After these three key note lectures, we had a fruitful discussion time with Dr. Kawakami, Dr. Kitano, Dr. Maetani, Dr. Kogure, Dr. Maydeo, Dr. Lakhtakia, Dr. Kaffe, and Dr. Ratanachu-ek.

Summary writer: Dong Ki Lee (Department of Internal Medicine Gangnam Severance Hospital, Yonsei University, Seoul)

Speakers and lecture title

1. Takuji Iwashita: EUS-guided antegrade procedures

ERCP is not always the best way to solve biliary problem. Since there are the cases of no stomach, long detour, bowel obstruction which makes ERCP difficult. In this case, another route for approaching is required. PTB approach, surgical approach, EUS-guided approach could be alternative routes. But as surgical and PTB approach have risks, EUS-guided approach has emerged as good alternative since 2010. EUS can be used in patients with biliary stones, malignant biliary obstruction and benign biliary stricture.
Prof. Iwashita conducted Anterograde EUS procedure for biliary disorders in patients with surgically altered anatomy. (2013.05~2014.06) 30 patients enrolled.
15 cases of malignant biliary obstruction, 14 cases of biliary stones and 1 case of anastomosis site stricture were included.
Anterograde biliary stenting [uncovered metal stent], balloon dilatation for CBD stone removal and various procedures were done.
For malignant biliary obstruction, technical success rate was 100%. There were 3 complication cases. Mild pancreatitis was developed in 2 cases and mild transient fever was happened in 1 case.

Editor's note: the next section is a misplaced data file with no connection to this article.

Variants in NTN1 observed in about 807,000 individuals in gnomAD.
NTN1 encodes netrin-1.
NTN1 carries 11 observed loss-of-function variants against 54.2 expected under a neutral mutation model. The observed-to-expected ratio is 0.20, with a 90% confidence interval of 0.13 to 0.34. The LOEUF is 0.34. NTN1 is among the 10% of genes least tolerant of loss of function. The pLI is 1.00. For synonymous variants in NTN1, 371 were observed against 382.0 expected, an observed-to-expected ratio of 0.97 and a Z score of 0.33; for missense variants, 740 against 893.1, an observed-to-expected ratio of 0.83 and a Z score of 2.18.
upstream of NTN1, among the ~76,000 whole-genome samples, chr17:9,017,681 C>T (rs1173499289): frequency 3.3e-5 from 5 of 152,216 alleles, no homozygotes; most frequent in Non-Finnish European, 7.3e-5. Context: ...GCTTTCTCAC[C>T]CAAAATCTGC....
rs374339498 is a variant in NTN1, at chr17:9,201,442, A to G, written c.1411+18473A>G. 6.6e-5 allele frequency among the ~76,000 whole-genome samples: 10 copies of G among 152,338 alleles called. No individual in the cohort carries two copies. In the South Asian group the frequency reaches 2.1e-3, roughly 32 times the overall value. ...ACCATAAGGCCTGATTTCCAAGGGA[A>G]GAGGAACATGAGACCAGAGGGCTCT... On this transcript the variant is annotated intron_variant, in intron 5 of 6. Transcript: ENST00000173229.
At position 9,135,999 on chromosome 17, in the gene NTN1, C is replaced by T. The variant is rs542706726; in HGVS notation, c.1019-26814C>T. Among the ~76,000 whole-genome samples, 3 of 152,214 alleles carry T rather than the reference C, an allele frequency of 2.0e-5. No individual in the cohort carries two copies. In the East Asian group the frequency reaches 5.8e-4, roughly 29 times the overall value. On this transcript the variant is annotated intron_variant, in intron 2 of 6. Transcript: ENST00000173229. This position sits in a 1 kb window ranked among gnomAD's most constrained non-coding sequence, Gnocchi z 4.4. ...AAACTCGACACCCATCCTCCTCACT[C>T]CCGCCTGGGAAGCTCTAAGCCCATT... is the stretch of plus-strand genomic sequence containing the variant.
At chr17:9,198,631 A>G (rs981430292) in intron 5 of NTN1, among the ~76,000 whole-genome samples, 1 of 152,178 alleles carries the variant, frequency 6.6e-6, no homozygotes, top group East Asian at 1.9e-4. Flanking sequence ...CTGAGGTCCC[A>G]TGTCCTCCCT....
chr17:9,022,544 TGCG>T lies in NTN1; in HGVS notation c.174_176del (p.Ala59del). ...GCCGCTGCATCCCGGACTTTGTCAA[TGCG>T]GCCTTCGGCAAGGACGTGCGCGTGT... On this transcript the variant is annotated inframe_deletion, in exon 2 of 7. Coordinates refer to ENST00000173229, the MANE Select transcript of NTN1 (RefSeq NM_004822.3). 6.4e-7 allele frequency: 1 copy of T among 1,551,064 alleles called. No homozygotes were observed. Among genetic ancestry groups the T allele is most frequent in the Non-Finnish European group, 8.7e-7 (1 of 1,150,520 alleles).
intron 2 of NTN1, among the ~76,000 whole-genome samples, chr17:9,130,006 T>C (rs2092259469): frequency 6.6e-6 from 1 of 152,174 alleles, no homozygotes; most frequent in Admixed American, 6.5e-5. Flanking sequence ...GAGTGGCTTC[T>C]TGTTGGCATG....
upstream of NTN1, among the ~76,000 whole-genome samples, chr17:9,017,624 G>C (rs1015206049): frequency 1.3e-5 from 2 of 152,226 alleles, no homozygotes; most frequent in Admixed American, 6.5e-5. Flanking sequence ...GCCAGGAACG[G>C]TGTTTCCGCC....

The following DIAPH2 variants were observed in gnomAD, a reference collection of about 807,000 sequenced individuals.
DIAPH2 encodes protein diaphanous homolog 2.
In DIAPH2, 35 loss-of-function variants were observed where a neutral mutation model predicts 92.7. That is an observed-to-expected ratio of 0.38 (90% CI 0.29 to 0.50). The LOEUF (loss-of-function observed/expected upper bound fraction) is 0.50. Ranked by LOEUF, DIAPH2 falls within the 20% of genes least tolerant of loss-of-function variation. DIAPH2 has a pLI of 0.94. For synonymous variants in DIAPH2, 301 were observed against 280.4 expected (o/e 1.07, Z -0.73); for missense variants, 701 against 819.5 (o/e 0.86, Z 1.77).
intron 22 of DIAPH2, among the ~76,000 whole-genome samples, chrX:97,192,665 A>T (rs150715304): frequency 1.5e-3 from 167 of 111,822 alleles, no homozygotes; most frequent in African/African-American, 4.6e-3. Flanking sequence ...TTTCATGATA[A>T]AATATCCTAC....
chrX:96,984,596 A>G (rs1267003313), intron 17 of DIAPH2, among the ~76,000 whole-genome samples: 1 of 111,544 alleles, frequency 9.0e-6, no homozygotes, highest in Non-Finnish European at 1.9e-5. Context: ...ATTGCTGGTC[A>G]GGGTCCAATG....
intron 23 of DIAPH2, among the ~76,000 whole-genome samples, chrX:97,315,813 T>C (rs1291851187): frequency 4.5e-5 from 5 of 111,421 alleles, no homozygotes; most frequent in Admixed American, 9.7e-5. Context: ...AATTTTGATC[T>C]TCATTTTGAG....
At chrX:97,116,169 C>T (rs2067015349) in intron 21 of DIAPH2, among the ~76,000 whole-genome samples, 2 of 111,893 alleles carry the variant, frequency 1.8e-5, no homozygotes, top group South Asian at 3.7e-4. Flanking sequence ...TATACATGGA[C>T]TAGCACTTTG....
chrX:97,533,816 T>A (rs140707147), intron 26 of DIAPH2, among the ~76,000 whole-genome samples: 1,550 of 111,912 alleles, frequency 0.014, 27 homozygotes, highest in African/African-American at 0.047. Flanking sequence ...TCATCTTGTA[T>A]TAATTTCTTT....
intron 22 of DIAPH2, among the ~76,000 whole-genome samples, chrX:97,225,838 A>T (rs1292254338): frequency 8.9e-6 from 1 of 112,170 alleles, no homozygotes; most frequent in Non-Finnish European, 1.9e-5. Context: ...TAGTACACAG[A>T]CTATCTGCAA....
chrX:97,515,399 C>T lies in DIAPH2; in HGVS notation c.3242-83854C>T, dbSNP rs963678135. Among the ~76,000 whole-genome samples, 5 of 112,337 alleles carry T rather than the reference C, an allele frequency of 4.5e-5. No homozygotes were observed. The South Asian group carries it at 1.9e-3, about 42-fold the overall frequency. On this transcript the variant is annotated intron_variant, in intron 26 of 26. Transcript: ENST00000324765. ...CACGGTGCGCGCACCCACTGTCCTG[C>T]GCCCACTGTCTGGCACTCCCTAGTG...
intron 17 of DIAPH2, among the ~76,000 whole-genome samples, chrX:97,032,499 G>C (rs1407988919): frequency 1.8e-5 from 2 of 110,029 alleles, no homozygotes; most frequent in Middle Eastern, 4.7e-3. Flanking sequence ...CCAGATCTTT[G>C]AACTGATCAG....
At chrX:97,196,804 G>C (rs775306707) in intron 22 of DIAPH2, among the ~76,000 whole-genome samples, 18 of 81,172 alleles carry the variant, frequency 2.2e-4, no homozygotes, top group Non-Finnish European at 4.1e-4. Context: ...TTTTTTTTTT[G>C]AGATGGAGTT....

For biliary stone removal, technical success rate was 50%. Puncture failure (6/7) was the major cause of procedure’s failure. PTBD, repeated EUS, ERCP were done after failure of anterograde EUS stone removal. Mild abdominal pain was developed in 1 case.
For anastomosis site stricture, technical success rate was 100%.
In overall, success rate of biliary puncture was 80%, technical success rate was 73% and complication rate was 17%. No obvious biliary peritonitis was observed.
EUS is safe, can be altered to fistulotomy and has no skin scars. But it has limited access routes, no dedicated devices and insufficient evidence.
In conclusion, EUS-AG has the potential to be an effective and safe alternative management to ERCP for biliary disorders in patients with surgically altered anatomies.

2. Akio Katanuma: ERCP in patients with surgically altered anatomy

ERCP is difficult in patients with surgical altered anatomy. Recently balloon assisted eneteroscope is available to use in these patients. There are single ballooned and double ballooned types.
1. Current status of surgical altered anatomy ERCP in Japan (Mainly scope insertion)
60% of patients used double ballooned type enteroscope. And short type enterosopce was used in 80% of patients. Overall success rate was 91.9%. (Especially 86% in hepaticojejunostomy received patients)
2. Utility of short type single balloon assisted enteroscope
Success rate of short type eneteroscope was 94%. On the other hand, success rate of ERCP was 77%.